Meet the faces of the ‘Storming of Bolton’: Goodwife Gillian

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Almost 375 years since the notorious ‘Bolton Massacre’, Roundheads and Cavaliers will again descend on Bolton on 7-8 July for an exciting FREE event featuring thrilling battles and fascinating ‘living history’. Click here for more details…

Step into our encampment in the grounds of Bolton School and you’ll step back in time to 1644 – but who will you meet there and what will you discover?

Perhaps you’ll meet Goodwife Gillian and learn about why Bolton’s reputation as a forward-thinking weaving town is growing far and wide…

36500723_10157060156636756_5166704240994811904_n“Weaving is in my blood! I was born and raised in Bolton, the home of wool and weaving in Lancashire,” she says.

“My father was a wool merchant, my husband was his apprentice (which is how we met!) and my mother was a weaver too, in her younger years. Therefore I have known the skills of the trade from an early age and I use these to make the finest woven wears in the Lancashire!

“My husband, Henry, went to fight the noble war against the King’s malignant forces last year. Since then, he has sent his meagre earnings back to us – barely a penny a day after deductions for food and clothing, if he gets paid at all! But this just isn’t enough for our three young children and my elderly mother, as the cost of bread and meat has increased many times since the start of the war.

“As my father is now with the Lord (he succumbed to the smallpox, along with so many others in Bolton, in 1642) and my mother has arthritis of the hands, I have become the breadwinner of the family and I spend my days in the soldiers’ encampment in Bolton selling my woven wears.

“I use inkle and tablet looms to weave the popular, hard-wearing fustians, made from linen and cotton, as well as knitting socks and sock ties from wool, which I then sell to Parliamentarian soldiers, officers and travellers passing through.

“This supplements my husband’s war earnings so that I can purchase food for my family and wood for cooking and warmth. When I can, I also send fresh socks to my husband so that he does not get cold feet and succumbs to a chill.

“I like to think in my small part I am contributing to the noble war effort. Come see me at the Bolton encampment and have a go at weaving yourself. Are you a natural born weaver?”

Come along and meet Gillian at The Storming of Bolton at Bolton School, Chorley New Rd, Bolton BL1 4PA on 7-8 July, from 10am to 4pm with battle in the afternoon!

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Meet the faces of the ‘Storming of Bolton’: Royalist pikeman Conor!

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Almost 375 years since the notorious ‘Bolton Massacre’, Roundheads and Cavaliers will again descend on Bolton on 7-8 July for an exciting FREE event featuring thrilling battles and fascinating ‘living history’. Click here for more details…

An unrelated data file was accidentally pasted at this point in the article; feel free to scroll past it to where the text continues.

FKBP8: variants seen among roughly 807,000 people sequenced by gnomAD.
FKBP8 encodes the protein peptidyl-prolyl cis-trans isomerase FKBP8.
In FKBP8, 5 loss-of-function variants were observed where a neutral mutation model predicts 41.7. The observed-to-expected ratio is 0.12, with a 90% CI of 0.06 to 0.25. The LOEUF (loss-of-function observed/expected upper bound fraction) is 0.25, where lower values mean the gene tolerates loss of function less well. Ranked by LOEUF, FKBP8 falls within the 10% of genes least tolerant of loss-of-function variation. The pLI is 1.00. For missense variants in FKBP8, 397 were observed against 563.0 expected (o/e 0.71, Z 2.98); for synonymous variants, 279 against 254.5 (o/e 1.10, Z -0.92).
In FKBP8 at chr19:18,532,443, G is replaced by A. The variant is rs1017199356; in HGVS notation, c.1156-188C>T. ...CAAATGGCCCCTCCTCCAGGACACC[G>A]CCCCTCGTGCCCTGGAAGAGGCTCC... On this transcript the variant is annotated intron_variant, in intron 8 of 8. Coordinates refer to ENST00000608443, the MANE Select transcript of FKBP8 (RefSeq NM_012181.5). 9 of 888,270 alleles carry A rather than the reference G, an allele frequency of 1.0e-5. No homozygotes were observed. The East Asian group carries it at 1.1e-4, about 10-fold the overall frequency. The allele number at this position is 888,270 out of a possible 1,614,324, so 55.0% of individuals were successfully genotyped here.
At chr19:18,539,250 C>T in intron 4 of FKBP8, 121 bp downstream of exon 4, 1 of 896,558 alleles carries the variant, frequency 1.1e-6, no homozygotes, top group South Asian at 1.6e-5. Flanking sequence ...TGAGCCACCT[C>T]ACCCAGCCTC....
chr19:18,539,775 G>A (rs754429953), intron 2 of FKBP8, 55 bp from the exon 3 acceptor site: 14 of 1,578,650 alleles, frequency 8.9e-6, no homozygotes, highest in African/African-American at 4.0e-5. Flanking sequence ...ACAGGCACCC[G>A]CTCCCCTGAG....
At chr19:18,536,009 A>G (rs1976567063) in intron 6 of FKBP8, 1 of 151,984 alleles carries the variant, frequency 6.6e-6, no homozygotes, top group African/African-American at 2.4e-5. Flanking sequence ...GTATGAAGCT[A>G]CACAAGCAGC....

Step into our encampment in the grounds of Bolton School and you’ll step back in time to 1644 – but who will you meet there…? We’ve heard from the Parliamentarians inside the walls, but what about the Royalist troops who will attack them?

While the Civil War in Lancashire was mostly fought by Lancastrians, the Royalist troops who attacked the earthworks of Bolton were anything but local – the force led by the King’s nephew, Prince Rupert, was drawn from across England and, shockingly to the Puritan population, included some Roman Catholic troops recruited in Ireland…

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Photo by Hendrick Pouls

“I’m not from round here. You can probably tell,” says Royalist Pikeman Conor.

“I’m from somewhere much warmer and less wet than this wretched place! Back home in Cornwall, I moved from farm to farm as the year went by, turning my hands to what work I could. Then a few years ago I caught word from my father and brother that our landlord was raising a regiment to help resolve this current unpleasantness and restore the King’s peace. I thought to myself, what nobler way could there be to earn an honest living?

“So far, it’s mostly been lots of walking and not having anywhere warm to sleep! I was taller and longer of limb than most men in our regiment, so I was drilled in the use of the pike. Our company ensign tells me it’s a gentlemanly arm, but I wouldn’t know much about that – all I know is it’s good for keeping these rebels far away from our shot!

“My first taste of action was seizing one of the county magazines – the store of weapons and gunpowder – where I found the armour I’m wearing today. It’s dreadful heavy on the march and hurts my shoulders fiercely, but I worry the day I leave it behind could be the day I need it most.